Cablegate: Argentina: Codel Sanchez Discusses Anti-Tip and Cn Efforts


DE RUEHBU #2300/01 3401117
R 061117Z DEC 07




E.O. 12958:N/A

1. (SBU) SUMMARY: In a meeting with Ambassador Wayne and U.S.
Representatives Sanchez and Bartlett, Argentine Interior Minister
Anibal Fernandez noted that anti-TIP legislation is still stuck in
the national Congress, but expressed confidence that it would pass
once President-elect Cristina Fernandez de Kirchner takes office.
He said GOA efforts against drug trafficking should focus on
dismantling trafficking rings, rather than the individual drug
addict. He also noted that while Argentina may not always see
eye-to-eye with the United States, these disagreements do not hinder
an otherwise positive relationship. As Fernandez takes the helm of
a beefed-up Ministry of Justice, we will want to further our
cooperation on security matters, as well as stress the importance of
judicial reform. In doing so, quiet diplomacy is the best means to
further cooperation, given the GOA's sensitivity to public
criticism. END SUMMARY.

Trafficking in Persons and Argentine Federal Legislation

2. (SBU) On November 19, visiting U.S. Representatives Loretta
Sanchez (D-CA) and Roscoe Bartlett (R-MD), along with the
Ambassador, met with Argentine Interior Minister, Anibal Fernandez.
Fernandez began by noting that the United States and Argentina
cooperate well in the fights against terrorism, drugs, and human
trafficking. Rep. Sanchez asked Fernandez about GOA efforts to pass
anti-trafficking legislation. Fernandez explained that the
Argentine Senate passed a bill in December 2006 that would make
human trafficking a federal crime, in the case of minors, and would
consider an adult victim's consent to being trafficked when
determining whether trafficking has occurred. NOTE: The bill is
stuck in the Chamber of Deputies, because some, consistent with the
Palermo protocol, maintain that a person can not consent to his or
her own exploitation. Representative Sanchez pointed out that
Colombia had recently changed its TIP legislation to remove the
issue of consent as a consideration for adults.

3. (SBU) Fernandez attributed the fact that the bill has not yet
passed in part to the criticism in the State Department's 2007 TIP
report of GOA anti-TIP efforts. He also recounted his frustration
that a May 2007 meeting with Washington agencies on USG efforts to
combat human trafficking focused exclusively on a G/TIP officer's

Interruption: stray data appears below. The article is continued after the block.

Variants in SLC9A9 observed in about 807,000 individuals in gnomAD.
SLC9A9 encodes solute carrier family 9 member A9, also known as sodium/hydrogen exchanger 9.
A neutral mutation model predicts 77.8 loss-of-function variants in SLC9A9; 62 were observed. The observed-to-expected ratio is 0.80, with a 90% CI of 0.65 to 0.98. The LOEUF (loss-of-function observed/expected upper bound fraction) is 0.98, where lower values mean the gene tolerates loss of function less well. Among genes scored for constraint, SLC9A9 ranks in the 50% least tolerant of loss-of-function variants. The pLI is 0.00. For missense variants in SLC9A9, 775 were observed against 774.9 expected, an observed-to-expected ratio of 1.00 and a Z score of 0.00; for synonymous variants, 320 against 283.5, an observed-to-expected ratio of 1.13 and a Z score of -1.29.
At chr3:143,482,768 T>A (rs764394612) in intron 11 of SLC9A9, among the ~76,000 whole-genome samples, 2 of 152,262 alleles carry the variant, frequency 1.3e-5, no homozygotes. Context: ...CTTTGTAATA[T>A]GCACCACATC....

criticism that the Senate bill did not adequately address the issue
of consent in Argentina's trafficking problem. He specifically
cited the G/TIP officer handing him an edited version of draft
Argentine legislation and saying, "That just isn't the way to do
things." Fernandez said this hurt him deeply because it was a law
in which he had a lot of personal interest. He admitted that the
Senate bill may not have been perfect, but argued that it could have
been strengthened later. He said the key is to make trafficking
illegal. Instead, the bill languished in the Chamber of Deputies,
and Congressional focus on national elections precluded further
progress in passing the law. In response to the Ambassador's
questions, Fernandez stated that he has discussed the matter with
president-elect Cristina Fernandez de Kirchner (CFK) the previous
week, including the issue of consent, and he is confident that a
federal trafficking-in-persons law will be passed soon after she is
sworn in as president.

Fight against drugs and organized crime

4. (SBU) Turning to a discussion on counternarcotics cooperation at
the Ambassador's suggestion, Fernandez explained that all GOA law
enforcement agencies work closely with their USG counterparts. He
talked about the spread of cocaine derivative "paco" in poor
neighborhoods and went on to say that 45 percent of federal crimes
are drug-related, and that only 2.25 percent of these cases have
gone to trial. The remaining cases are pending trial. In addition,
it costs the GOA USD 5,000 to prosecute a case and USD 1,500 per
month to keep a prisoner in jail, which, in Fernandez's view, is a
waste of resources. Under the new CFK administration, Fernandez
explained that he will lead the Ministry of Justice, where he will
continue to work on this issue. (Note: Fernandez will be taking his
security portfolio with him to the Ministry of Justice, including
all of the security agencies formerly housed in the Ministry of

5. (SBU) Rep. Bartlett opined that greater emphasis should be